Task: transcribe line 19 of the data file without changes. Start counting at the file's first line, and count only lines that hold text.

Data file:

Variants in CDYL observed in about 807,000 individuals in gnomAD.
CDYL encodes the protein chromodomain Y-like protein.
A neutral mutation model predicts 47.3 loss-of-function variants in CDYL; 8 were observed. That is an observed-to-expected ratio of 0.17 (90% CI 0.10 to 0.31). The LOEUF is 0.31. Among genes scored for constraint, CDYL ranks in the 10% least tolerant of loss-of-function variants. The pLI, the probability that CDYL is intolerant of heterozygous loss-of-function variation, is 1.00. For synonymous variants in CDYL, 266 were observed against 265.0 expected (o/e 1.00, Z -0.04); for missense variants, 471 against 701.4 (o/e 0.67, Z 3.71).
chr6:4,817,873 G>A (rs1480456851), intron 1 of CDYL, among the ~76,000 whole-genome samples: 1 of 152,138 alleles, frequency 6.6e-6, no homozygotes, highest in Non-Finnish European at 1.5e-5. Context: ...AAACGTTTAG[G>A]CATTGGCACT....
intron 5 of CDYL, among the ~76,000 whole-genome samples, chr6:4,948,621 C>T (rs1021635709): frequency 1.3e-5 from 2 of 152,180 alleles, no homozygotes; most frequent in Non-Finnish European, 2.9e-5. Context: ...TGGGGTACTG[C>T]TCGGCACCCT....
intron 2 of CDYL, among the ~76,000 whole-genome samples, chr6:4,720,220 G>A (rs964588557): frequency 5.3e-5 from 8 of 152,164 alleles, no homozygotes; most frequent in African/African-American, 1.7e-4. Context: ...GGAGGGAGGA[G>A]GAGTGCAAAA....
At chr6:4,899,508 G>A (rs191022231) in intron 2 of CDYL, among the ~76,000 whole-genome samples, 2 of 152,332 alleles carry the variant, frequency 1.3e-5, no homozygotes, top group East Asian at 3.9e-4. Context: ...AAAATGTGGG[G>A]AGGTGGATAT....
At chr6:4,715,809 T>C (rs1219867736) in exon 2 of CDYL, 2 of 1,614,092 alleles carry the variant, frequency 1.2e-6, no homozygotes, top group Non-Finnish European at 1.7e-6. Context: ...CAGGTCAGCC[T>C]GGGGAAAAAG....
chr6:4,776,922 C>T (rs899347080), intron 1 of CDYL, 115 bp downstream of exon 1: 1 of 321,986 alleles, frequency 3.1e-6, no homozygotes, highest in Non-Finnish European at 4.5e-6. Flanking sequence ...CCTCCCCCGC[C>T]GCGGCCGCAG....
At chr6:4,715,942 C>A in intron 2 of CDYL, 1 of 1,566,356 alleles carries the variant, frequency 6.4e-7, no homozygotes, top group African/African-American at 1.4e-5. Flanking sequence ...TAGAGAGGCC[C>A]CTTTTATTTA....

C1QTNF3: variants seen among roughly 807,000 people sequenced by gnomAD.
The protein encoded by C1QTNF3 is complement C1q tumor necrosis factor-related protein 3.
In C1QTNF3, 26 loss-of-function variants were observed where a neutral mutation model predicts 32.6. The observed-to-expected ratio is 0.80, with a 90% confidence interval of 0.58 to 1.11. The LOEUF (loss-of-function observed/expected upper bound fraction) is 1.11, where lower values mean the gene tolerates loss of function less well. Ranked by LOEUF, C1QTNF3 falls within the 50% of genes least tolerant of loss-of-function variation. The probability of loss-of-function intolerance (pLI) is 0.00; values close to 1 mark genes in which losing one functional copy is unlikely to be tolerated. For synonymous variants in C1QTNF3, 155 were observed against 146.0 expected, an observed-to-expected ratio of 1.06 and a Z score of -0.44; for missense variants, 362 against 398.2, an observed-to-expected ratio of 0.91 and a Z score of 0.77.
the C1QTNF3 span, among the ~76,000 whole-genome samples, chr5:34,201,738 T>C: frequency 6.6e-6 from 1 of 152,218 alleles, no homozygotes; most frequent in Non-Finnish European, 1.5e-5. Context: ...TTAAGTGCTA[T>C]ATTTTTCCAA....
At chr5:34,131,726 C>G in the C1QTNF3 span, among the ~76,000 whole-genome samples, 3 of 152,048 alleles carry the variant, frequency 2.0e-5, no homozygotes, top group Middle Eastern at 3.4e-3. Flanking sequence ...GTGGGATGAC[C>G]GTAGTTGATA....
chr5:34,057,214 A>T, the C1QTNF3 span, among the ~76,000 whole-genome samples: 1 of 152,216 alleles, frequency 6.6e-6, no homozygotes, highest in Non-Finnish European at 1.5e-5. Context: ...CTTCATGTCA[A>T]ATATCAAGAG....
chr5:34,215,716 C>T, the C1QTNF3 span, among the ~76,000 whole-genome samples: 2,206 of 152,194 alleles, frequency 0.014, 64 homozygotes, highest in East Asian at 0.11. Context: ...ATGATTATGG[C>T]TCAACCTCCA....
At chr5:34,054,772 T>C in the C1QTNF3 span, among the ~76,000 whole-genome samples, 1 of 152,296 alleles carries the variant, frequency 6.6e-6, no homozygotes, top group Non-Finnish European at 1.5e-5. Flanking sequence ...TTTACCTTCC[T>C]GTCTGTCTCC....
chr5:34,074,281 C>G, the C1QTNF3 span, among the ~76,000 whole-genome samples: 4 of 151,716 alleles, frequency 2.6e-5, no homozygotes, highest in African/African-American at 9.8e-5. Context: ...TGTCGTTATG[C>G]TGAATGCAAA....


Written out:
chr5:34,074,281 C>G, the C1QTNF3 span, among the ~76,000 whole-genome samples: 4 of 151,716 alleles, frequency 2.6e-5, no homozygotes, highest in African/African-American at 9.8e-5. Context: ...TGTCGTTATG[C>G]TGAATGCAAA....